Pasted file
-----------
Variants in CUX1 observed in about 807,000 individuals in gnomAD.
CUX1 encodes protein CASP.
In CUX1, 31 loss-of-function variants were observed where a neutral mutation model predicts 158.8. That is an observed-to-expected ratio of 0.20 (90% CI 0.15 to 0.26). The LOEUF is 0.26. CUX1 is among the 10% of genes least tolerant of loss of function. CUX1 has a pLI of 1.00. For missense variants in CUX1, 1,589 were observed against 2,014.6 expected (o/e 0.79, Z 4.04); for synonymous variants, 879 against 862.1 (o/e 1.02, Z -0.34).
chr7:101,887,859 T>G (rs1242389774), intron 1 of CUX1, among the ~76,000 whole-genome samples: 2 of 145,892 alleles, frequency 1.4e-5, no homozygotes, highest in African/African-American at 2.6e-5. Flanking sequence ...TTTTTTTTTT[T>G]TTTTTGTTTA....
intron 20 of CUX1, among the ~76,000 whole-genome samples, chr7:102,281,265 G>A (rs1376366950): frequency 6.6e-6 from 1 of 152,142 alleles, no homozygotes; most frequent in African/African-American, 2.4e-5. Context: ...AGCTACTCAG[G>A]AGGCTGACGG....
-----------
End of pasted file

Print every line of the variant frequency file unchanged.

Variants in CUX1 observed in about 807,000 individuals in gnomAD.
CUX1 encodes protein CASP.
In CUX1, 31 loss-of-function variants were observed where a neutral mutation model predicts 158.8. That is an observed-to-expected ratio of 0.20 (90% CI 0.15 to 0.26). The LOEUF is 0.26. CUX1 is among the 10% of genes least tolerant of loss of function. CUX1 has a pLI of 1.00. For missense variants in CUX1, 1,589 were observed against 2,014.6 expected (o/e 0.79, Z 4.04); for synonymous variants, 879 against 862.1 (o/e 1.02, Z -0.34).
chr7:101,887,859 T>G (rs1242389774), intron 1 of CUX1, among the ~76,000 whole-genome samples: 2 of 145,892 alleles, frequency 1.4e-5, no homozygotes, highest in African/African-American at 2.6e-5. Flanking sequence ...TTTTTTTTTT[T>G]TTTTTGTTTA....
intron 20 of CUX1, among the ~76,000 whole-genome samples, chr7:102,281,265 G>A (rs1376366950): frequency 6.6e-6 from 1 of 152,142 alleles, no homozygotes; most frequent in African/African-American, 2.4e-5. Context: ...AGCTACTCAG[G>A]AGGCTGACGG....